Internet cookies are tiny pieces of data that your computer or web browser stores when you visit a website. They track your engagement and behavior within a website and help web pages remember your preferences.
Developed in 1994, cookies were supposed to make commercial transactions on the web more convenient for users. The name “cookie” was borrowed from the programming term “magic cookie,” which refers to tokens that transfer data between devices and programs.
Since then, cookies have been seamlessly incorporated into various online operations. For instance, if you put an item in your basket on an e-commerce site, that item will stay in the basket as you move from page to page. This is possible because the site can recognize the cookies stored on your browser and it can tell that you are the same person who put those items in your basket. However, cookies can sometimes follow you from site to site, allowing your activity to be tracked even after you leave the website that gave you the cookie in the first place.
The idea behind cookies is that they transfer small pieces of specific data between the device and a website. Whenever you visit a website, it sends a cookie to your web browser containing unique information about your visit. Your web browser is responsible for storing that cookie in your computer’s hard drive and managing it so that it remains associated with the website that sent it. The cookie typically contains your session ID, preferences, authentication, and tracking information.
Whenever you return to the website, your web browser sends the cookie back to the website’s server. The server then reads the cookie to learn if it should keep you logged in after your last visit to the site, what content you’d likely want to see, or what ads are best tailored to your taste.
Wherever you roam online, you can decide which cookies to allow and which to decline. While some cookies bring a smoother user experience, others are invasive and open ways for advertisers and other third parties to track your online activity. It’s important to make an informed decision and choose the right cookies to stay safe and private online. That’s why we prepared a short guide to tracking cookies, which you can find below.
Session cookies, also known as temporary or transient cookies, are only active when a user engages with the website that generated those cookies. When the user leaves the website, the session cookies expire. Among the functions that session cookies serve are authentication, log security, user preference and settings maintenance, online load balancing, and e-commerce functionality.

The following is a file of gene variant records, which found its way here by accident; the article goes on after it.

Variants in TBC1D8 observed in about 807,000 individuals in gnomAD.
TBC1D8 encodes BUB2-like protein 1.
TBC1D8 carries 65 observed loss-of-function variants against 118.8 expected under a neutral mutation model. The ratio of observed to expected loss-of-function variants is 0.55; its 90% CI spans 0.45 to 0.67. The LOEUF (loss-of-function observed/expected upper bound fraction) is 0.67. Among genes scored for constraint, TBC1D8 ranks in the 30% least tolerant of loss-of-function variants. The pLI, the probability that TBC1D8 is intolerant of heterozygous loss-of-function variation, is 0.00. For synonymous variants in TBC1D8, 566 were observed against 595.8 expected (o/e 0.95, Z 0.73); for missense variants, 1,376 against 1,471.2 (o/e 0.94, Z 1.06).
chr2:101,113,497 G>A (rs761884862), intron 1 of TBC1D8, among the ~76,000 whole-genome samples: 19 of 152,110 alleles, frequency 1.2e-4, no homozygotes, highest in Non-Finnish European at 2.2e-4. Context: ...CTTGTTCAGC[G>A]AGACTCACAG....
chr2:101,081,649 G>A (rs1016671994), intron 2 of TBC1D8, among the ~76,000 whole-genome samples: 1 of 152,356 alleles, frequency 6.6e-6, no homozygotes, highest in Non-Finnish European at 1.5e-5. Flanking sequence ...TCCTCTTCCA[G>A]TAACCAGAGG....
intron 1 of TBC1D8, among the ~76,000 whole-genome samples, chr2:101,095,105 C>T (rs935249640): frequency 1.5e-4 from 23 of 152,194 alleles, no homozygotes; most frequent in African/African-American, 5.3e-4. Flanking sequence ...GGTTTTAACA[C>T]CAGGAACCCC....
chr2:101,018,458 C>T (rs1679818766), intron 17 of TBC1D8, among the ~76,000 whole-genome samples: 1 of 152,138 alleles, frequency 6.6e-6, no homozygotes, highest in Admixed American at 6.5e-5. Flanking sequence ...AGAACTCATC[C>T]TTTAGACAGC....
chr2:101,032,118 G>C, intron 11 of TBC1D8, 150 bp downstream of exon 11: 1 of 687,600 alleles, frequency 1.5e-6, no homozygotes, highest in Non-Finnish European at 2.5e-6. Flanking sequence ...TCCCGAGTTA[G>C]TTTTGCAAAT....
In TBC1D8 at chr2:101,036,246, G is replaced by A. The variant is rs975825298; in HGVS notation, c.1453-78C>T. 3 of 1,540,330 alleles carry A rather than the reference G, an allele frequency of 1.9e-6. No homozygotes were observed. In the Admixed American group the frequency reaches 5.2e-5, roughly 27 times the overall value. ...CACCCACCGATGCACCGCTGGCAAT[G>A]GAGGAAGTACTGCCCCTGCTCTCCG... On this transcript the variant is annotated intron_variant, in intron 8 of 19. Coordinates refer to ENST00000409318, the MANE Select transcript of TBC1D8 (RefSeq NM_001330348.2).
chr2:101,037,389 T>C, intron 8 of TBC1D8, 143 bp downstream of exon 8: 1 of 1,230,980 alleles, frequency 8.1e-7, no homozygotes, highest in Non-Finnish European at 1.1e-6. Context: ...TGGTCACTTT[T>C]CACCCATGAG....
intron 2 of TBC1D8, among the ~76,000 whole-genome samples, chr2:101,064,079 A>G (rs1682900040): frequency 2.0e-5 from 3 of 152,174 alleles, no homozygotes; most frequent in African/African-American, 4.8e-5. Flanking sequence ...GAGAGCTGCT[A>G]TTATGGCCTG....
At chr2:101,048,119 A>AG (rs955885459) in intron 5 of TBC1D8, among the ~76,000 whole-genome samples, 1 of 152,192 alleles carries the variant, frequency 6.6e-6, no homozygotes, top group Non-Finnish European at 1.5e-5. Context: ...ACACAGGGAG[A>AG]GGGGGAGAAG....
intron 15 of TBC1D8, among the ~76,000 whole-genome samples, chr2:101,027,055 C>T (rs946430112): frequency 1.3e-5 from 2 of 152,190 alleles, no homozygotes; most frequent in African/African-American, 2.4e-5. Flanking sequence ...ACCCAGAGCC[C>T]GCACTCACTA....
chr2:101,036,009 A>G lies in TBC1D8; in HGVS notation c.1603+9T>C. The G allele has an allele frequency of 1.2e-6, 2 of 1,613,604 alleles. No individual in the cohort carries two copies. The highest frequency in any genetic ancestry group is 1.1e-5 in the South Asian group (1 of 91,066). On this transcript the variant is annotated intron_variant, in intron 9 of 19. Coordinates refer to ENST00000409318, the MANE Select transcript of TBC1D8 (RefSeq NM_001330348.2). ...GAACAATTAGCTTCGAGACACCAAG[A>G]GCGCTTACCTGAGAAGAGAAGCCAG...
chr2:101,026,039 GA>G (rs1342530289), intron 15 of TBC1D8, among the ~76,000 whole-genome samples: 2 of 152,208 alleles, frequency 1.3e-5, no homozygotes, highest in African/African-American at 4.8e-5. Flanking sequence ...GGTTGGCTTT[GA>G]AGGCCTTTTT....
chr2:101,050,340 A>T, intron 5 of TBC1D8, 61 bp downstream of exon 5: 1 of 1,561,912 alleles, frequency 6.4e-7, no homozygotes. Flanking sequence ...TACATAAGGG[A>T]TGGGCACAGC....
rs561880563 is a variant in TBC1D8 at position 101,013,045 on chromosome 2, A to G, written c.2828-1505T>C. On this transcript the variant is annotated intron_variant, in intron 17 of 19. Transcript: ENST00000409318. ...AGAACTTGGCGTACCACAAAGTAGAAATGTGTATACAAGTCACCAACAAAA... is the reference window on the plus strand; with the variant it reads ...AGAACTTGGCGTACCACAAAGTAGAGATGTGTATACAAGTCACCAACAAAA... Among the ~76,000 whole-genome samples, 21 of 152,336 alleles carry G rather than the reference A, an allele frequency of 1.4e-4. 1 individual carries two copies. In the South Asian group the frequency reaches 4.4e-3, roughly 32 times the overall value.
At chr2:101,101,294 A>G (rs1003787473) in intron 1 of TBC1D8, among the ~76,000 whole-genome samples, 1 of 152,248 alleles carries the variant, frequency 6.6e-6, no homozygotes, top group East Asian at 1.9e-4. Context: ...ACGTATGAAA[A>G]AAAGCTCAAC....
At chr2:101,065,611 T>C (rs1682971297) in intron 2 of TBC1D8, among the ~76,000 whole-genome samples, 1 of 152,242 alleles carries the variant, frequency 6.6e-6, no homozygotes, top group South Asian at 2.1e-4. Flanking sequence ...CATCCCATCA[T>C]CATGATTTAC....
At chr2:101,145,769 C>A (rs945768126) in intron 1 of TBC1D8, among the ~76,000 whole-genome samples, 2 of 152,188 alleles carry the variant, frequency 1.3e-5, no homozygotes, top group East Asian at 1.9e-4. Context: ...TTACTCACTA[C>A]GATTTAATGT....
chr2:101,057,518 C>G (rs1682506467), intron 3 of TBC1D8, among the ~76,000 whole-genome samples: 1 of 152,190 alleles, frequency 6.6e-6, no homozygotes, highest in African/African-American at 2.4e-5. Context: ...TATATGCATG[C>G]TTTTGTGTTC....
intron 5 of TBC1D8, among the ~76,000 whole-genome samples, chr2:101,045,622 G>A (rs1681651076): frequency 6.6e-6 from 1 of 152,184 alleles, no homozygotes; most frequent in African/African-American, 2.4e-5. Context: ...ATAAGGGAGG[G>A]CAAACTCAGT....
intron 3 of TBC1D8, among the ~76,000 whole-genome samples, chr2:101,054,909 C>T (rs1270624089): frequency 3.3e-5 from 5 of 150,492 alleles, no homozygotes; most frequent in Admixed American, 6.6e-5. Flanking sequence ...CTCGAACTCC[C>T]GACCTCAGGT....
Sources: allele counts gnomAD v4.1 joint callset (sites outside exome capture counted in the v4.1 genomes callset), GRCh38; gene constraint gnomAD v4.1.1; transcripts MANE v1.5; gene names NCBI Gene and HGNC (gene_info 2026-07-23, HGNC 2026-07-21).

Persistent cookies, also called permanent or store cookies, are saved onto the user’s browser and remain active after the session ends. Any cookie that continues to gather data and perform tracking functions across websites once the user has ended their original session is a persistent cookie.
First-party cookies allow websites to recognize returning visitors and remember basic information about users as they move around the site. A web server places them on your browser when you connect to it, but the cookies are only active when you are on one specific website. Once you leave the site that generated the cookies, they lie dormant.
Third-party cookies are meant to stay active even after you leave whatever web page planted them. These are the cookies internet users are probably less comfortable with because they allow for cross-site tracking and invade privacy. Consequently, many browsers are now removing third-party cookie functionality.
Find out more about the differences between first-party and third-party cookies by following the link.
Flash cookies, otherwise known as Local Shared Objects (LSOs), are used to improve interactions between websites and browsers when a video is being played. If you’re returning to a webpage after watching half of a video hosted there via a Flash player, Flash cookies planted on your browser can inform the website where you stopped, so you don’t have to search for the right place. Flash cookies can also contain other information, like how many ads you’ve already been shown with the video and your preferences regarding playback quality or languages.
Zombie cookies, also called evercookies or super cookies, are designed to resurrect themselves after you delete them. They create backup versions of themselves, saved in different areas of your browser and device. When you clear your cookies, the copies can leap into action. These particularly insidious cookies are often difficult to remove completely.
Check the below overview of various tracking cookies for a thorough comparison:
|Type of cookie